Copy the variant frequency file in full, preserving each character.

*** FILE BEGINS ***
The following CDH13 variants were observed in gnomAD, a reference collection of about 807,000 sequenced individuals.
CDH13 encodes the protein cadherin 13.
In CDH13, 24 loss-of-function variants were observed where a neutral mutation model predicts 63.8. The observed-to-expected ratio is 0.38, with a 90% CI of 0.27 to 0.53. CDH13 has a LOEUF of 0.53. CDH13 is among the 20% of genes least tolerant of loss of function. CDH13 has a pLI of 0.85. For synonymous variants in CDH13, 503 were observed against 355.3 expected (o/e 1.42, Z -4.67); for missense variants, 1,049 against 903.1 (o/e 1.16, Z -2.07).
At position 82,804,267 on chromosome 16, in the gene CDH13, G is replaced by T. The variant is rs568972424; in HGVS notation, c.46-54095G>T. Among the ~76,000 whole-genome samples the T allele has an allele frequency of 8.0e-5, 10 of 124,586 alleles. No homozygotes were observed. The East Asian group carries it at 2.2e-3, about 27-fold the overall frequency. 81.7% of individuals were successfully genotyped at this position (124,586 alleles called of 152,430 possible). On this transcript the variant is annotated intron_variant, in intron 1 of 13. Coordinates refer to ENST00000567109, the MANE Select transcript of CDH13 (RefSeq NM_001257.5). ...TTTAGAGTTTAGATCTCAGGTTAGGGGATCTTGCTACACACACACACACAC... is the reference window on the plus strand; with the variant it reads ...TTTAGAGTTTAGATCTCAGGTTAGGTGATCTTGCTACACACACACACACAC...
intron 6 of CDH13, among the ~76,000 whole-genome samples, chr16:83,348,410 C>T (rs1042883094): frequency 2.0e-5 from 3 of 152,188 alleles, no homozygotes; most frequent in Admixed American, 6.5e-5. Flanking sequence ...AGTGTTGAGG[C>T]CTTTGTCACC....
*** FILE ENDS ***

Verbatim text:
The following CDH13 variants were observed in gnomAD, a reference collection of about 807,000 sequenced individuals.
CDH13 encodes the protein cadherin 13.
In CDH13, 24 loss-of-function variants were observed where a neutral mutation model predicts 63.8. The observed-to-expected ratio is 0.38, with a 90% CI of 0.27 to 0.53. CDH13 has a LOEUF of 0.53. CDH13 is among the 20% of genes least tolerant of loss of function. CDH13 has a pLI of 0.85. For synonymous variants in CDH13, 503 were observed against 355.3 expected (o/e 1.42, Z -4.67); for missense variants, 1,049 against 903.1 (o/e 1.16, Z -2.07).
At position 82,804,267 on chromosome 16, in the gene CDH13, G is replaced by T. The variant is rs568972424; in HGVS notation, c.46-54095G>T. Among the ~76,000 whole-genome samples the T allele has an allele frequency of 8.0e-5, 10 of 124,586 alleles. No homozygotes were observed. The East Asian group carries it at 2.2e-3, about 27-fold the overall frequency. 81.7% of individuals were successfully genotyped at this position (124,586 alleles called of 152,430 possible). On this transcript the variant is annotated intron_variant, in intron 1 of 13. Coordinates refer to ENST00000567109, the MANE Select transcript of CDH13 (RefSeq NM_001257.5). ...TTTAGAGTTTAGATCTCAGGTTAGGGGATCTTGCTACACACACACACACAC... is the reference window on the plus strand; with the variant it reads ...TTTAGAGTTTAGATCTCAGGTTAGGTGATCTTGCTACACACACACACACAC...
intron 6 of CDH13, among the ~76,000 whole-genome samples, chr16:83,348,410 C>T (rs1042883094): frequency 2.0e-5 from 3 of 152,188 alleles, no homozygotes; most frequent in Admixed American, 6.5e-5. Flanking sequence ...AGTGTTGAGG[C>T]CTTTGTCACC....